WhatsApp Limits Forwarding Message To Five Chats Globally

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Last year WhatsApp put a restriction for Indian users, prohibiting them from forwarding more than five chats at once as well as removed the quick forward button for media messages in India – a market that has over 200 million WhatsApp users.

The move comes at a time when governments and regulators across the world are looking at effective ways to curb the spread of fake messages through digital platforms. Reportedly, WhatsApp yesterday made an announcement it will be implementing this change, globally.  limit message ‘forwards’ to five chats at a time. This will continue to help keep WhatsApp focused on private messaging with close contacts, believes the company.

The messaging platform – which counts India, Brazil and Indonesia among its major markets claimed that it will continue to listen to user feedback on the user experience, and “over time, look for new ways of addressing viral content”.

A WhatsApp spokesperson told in a press statement that during the period when they were testing this feature, the company saw a 25% reduction of forwarded messages which were being shared on WhatsApp. “We believe this is a reasonable number to reach close friends while helping prevent abuse,” the spokesperson added.

In India, the Facebook-owned company had faced flak from the government after a series of mob-lynching incidents, triggered by rumours circulating on WhatsApp. Right now, the government of the country i.e. the Indian government is lately being seeking to make social media platforms more accountable by mandating them to introduce tools that can disable “unlawful content”.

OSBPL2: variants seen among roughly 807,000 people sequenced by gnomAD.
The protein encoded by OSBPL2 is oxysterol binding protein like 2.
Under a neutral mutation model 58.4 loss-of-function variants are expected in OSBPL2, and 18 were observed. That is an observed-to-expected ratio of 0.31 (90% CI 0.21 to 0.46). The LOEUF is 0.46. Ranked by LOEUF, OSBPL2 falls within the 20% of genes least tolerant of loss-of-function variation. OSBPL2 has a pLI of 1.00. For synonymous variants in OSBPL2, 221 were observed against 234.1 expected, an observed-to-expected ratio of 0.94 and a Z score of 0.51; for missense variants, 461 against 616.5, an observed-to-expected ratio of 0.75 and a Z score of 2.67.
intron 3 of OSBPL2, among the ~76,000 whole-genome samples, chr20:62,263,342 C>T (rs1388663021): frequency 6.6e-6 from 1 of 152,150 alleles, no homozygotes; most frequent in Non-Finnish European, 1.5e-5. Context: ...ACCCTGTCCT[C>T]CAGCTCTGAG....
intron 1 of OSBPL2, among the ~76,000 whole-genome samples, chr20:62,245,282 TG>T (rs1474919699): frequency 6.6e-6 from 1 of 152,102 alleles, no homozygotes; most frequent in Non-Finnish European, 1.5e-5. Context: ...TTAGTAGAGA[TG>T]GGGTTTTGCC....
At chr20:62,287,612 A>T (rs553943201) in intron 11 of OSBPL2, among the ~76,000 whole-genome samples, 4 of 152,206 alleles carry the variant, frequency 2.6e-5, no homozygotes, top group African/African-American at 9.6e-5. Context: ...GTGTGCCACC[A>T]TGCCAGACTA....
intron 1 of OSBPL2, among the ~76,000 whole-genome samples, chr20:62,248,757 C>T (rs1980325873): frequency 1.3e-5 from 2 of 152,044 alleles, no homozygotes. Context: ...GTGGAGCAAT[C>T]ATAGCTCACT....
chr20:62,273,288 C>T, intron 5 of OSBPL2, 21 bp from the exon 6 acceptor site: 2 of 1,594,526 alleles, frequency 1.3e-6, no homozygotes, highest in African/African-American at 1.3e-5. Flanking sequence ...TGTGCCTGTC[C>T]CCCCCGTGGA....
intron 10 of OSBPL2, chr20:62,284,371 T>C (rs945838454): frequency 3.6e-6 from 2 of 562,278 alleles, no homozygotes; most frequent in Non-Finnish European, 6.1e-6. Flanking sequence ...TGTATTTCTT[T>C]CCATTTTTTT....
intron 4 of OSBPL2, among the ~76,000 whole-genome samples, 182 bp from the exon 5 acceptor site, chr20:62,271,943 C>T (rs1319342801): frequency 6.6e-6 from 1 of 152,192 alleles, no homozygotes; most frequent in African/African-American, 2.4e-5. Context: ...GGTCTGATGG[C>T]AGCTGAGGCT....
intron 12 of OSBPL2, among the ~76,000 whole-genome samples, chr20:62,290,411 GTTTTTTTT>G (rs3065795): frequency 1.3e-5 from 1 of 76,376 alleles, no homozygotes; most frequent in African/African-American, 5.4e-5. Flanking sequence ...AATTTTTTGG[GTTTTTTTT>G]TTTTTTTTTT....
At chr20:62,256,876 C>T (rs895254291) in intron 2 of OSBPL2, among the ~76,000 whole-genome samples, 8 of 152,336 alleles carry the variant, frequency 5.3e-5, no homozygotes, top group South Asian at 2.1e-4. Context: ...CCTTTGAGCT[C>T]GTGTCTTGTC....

One of the amendments being mulled in the IT intermediary rules will require them to enable tracing out of such originators of information as needed by government agencies that are legally authorised. WhatsApp, as part of its efforts, had also brought out full-page advertisements as well as television and radio campaigns offering tips to users on how to spot misinformation.

However, the company has so far, resisted the government’s demand for identifying message originators, arguing that such a move would undermine the end-to-end encryption and the private nature of the platform. This, in turn, might create a dangerous potential for serious misuse.

Source1                                           Source2

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